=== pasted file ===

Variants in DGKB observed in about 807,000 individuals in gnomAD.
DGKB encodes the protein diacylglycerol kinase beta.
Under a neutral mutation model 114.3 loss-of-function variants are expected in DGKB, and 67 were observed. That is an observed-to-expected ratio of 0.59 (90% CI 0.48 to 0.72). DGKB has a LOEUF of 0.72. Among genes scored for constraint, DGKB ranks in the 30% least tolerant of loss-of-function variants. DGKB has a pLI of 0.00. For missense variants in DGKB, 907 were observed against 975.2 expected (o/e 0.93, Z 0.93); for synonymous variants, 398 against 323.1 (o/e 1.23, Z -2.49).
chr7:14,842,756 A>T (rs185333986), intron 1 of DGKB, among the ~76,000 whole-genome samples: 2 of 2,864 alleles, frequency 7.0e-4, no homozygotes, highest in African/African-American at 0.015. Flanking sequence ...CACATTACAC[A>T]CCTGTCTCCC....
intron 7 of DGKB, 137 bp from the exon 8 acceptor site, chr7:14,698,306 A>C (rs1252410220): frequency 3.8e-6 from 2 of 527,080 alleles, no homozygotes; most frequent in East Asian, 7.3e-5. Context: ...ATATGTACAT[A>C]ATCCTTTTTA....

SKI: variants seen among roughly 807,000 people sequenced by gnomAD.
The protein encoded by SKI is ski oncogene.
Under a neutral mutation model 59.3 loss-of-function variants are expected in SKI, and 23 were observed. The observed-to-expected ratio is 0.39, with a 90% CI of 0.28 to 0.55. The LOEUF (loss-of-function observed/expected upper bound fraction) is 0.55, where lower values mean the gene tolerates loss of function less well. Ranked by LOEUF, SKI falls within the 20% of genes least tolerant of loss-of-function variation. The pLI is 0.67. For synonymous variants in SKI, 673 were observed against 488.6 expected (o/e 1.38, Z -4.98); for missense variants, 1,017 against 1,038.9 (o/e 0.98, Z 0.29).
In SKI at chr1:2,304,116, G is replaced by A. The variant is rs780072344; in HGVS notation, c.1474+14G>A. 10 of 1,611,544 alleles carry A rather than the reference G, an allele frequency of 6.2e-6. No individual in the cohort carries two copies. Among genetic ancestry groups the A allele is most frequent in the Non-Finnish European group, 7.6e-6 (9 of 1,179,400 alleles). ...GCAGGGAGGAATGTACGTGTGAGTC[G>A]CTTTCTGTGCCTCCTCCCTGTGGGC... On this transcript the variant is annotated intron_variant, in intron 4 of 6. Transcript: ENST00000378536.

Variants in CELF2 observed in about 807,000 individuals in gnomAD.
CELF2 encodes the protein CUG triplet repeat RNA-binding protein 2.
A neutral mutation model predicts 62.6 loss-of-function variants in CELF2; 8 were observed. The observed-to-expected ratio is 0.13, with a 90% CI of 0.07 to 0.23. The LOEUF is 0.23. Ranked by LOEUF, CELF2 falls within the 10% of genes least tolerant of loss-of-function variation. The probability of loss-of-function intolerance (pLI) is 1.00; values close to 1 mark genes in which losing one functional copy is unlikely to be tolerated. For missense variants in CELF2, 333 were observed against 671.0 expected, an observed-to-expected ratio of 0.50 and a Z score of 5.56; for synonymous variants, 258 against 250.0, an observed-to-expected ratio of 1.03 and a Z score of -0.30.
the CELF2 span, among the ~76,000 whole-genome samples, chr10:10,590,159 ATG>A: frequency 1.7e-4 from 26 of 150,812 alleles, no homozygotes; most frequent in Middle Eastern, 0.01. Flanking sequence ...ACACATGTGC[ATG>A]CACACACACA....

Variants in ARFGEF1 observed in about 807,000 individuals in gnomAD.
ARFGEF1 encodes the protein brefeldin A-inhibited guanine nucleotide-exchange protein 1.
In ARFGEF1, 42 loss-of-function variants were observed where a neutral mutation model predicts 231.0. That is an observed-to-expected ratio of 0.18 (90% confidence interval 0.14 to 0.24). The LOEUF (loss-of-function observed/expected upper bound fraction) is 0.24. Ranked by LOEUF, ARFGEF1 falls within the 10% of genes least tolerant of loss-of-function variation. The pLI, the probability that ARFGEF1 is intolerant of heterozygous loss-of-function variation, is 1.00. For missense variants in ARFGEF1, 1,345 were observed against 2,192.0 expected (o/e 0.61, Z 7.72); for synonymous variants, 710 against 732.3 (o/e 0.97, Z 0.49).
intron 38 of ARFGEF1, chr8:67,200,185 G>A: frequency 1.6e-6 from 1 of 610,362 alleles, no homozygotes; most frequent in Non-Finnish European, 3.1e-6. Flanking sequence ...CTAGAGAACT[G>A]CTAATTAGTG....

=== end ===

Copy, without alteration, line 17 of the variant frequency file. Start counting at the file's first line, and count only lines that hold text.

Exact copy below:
intron 38 of ARFGEF1, chr8:67,200,185 G>A: frequency 1.6e-6 from 1 of 610,362 alleles, no homozygotes; most frequent in Non-Finnish European, 3.1e-6. Flanking sequence ...CTAGAGAACT[G>A]CTAATTAGTG....